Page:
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    Exploit of AWS IAM Credentials Exposed on GitHub Enables EleKtra-Leak Cryptojacking Attacks

    The active EleKtra-Leak campaign is targeting Amazon Web Service (AWS) identity and access management (IAM) credentials found in public GitHub repositories. Its main goal? Cryptojacking. William Gamazo and Nathaniel Quist, researchers from Palo Alto Networks Unit 42, documented this in a technical report for The Hacker News.

    A Deep Dive into the Operation
    Since December 2020, this operation has been mining the cryptocurrency Monero. Between August 30 and October 6, 2023, it used 474 unique Amazon EC2 instances. The campaign acts swiftly, targeting AWS IAM credentials on GitHub within four minutes of their exposure. This speed suggests that the threat actors programmatically scan and clone repositories to snatch the exposed keys.

    Further Analysis and Connections
    The attacker has also started to blocklist AWS accounts that share IAM credentials. This move hinders further research. Interestingly, this campaign seems connected to another cryptojacking operation that Intezer disclosed in January 2021. Both focus on vulnerabilities but employ the same unique mining software.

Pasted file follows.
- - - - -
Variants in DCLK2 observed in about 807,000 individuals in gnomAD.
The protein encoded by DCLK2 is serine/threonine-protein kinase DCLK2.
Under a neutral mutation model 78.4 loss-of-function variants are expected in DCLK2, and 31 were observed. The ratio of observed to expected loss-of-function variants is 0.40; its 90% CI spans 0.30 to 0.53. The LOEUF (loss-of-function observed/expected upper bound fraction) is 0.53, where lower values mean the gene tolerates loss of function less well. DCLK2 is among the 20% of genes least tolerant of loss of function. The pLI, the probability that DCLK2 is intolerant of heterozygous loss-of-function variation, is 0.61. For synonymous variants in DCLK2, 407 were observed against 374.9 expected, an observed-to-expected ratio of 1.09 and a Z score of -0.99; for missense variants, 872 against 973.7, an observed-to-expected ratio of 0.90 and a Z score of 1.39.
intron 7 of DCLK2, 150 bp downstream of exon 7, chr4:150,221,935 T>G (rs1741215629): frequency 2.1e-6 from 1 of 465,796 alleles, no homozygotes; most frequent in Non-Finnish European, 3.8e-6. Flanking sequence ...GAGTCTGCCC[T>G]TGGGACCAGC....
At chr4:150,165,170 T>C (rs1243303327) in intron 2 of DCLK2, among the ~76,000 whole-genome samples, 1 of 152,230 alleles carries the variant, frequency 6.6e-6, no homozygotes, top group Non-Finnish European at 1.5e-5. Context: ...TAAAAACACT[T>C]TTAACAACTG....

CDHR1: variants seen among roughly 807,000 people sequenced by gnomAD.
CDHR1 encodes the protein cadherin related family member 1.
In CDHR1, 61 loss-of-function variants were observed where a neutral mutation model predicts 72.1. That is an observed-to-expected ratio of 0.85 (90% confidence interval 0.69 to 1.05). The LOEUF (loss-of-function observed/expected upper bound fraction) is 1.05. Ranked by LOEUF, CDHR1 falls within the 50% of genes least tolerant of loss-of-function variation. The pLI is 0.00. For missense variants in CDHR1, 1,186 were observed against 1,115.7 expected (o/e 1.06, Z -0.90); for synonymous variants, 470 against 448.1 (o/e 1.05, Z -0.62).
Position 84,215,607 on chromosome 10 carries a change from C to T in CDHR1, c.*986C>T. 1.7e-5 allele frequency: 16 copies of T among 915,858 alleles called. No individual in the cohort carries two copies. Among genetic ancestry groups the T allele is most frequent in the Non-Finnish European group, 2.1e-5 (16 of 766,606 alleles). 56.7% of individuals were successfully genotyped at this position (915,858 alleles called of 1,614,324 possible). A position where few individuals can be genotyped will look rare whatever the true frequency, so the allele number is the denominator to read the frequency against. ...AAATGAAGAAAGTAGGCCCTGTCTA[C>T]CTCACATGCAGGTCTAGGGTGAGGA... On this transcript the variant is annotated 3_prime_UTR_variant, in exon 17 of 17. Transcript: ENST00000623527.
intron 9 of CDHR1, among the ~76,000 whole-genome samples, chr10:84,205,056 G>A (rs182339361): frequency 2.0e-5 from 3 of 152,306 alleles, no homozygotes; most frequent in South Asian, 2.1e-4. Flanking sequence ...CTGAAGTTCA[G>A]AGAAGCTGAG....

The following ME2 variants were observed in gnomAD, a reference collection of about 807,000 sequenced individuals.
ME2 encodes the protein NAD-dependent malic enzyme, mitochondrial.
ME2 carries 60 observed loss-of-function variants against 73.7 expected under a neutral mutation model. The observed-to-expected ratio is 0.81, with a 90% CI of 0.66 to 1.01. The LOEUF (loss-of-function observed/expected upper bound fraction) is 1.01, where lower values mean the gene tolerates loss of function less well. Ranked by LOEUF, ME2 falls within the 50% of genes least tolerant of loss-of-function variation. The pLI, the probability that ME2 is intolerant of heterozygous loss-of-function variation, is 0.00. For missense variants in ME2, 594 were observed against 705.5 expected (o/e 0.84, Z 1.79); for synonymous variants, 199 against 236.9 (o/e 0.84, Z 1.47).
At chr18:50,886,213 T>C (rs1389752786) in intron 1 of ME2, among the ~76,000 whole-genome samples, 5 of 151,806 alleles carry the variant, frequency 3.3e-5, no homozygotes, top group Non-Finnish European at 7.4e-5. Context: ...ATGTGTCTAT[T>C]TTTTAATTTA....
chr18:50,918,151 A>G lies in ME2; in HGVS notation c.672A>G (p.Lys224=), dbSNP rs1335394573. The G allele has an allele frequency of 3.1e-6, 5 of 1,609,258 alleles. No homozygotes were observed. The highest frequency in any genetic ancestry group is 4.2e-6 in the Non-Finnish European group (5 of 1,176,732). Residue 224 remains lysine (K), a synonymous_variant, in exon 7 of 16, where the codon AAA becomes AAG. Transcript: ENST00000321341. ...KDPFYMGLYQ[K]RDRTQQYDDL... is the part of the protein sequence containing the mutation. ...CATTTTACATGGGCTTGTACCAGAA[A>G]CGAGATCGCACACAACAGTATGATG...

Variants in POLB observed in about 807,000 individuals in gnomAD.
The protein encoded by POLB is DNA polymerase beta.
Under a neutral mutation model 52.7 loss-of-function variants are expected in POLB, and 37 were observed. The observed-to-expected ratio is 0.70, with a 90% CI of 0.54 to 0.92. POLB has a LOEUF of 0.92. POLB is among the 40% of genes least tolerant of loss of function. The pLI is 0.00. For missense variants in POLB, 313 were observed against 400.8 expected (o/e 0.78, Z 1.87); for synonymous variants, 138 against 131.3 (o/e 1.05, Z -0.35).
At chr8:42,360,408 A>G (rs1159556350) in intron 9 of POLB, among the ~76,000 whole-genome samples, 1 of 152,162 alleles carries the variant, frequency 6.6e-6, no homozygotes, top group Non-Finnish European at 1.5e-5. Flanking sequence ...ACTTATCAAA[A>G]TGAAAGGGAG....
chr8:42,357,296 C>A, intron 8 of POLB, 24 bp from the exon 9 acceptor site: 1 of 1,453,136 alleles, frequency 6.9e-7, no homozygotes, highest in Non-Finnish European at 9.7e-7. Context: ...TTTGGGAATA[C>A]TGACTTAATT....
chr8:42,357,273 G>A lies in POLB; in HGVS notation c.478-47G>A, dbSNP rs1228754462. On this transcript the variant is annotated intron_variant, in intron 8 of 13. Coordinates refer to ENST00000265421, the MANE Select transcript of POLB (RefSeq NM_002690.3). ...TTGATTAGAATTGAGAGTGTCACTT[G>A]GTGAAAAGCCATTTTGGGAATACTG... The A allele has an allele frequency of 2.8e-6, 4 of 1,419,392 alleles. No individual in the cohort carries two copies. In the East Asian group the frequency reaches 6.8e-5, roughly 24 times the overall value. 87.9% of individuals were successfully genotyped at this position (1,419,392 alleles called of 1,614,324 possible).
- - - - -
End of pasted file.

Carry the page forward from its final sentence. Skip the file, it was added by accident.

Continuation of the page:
Exploiting Blindspots
    The campaign’s success partly comes from exploiting weaknesses in GitHub’s secret scanning and AWS’s AWSCompromisedKeyQuarantine policy. These tools aim to detect and block the misuse of exposed IAM credentials. However, the keys seem to be slipping through an unidentified method.

    Threat Actor’s Techniques Unveiled
    Researchers at Unit 42 have found that the threat actor can find exposed AWS keys that AWS itself doesn’t automatically detect. Once they have these keys, the actors survey AWS accounts. They then create AWS security groups and launch numerous EC2 instances in different regions. Throughout this, they mask their actions using a virtual private network (VPN). They favor the c5a.24xlarge AWS instances due to its superior processing power, which boosts their mining speed.

    The Cryptojacking Tools
    The attackers source their mining software from a Google Drive URL. This tactic shows how malicious actors exploit the trust people place in popular applications. Notably, the threat actor’s Amazon Machine Images (AMI) are private and don’t appear in the AWS Marketplace, making their activities even more distinctive.

    Protective Measures and Recommendations
    If organizations accidentally leak AWS IAM credentials, they should act fast. They need to revoke any API connections that use the exposed keys, delete them from the GitHub repository, and check GitHub repository cloning events for strange activities. The threat actor can set up a vast mining operation within five minutes of finding an exposed AWS IAM credential on GitHub. Despite AWS’s quarantine efforts, the number of compromised accounts keeps fluctuating.

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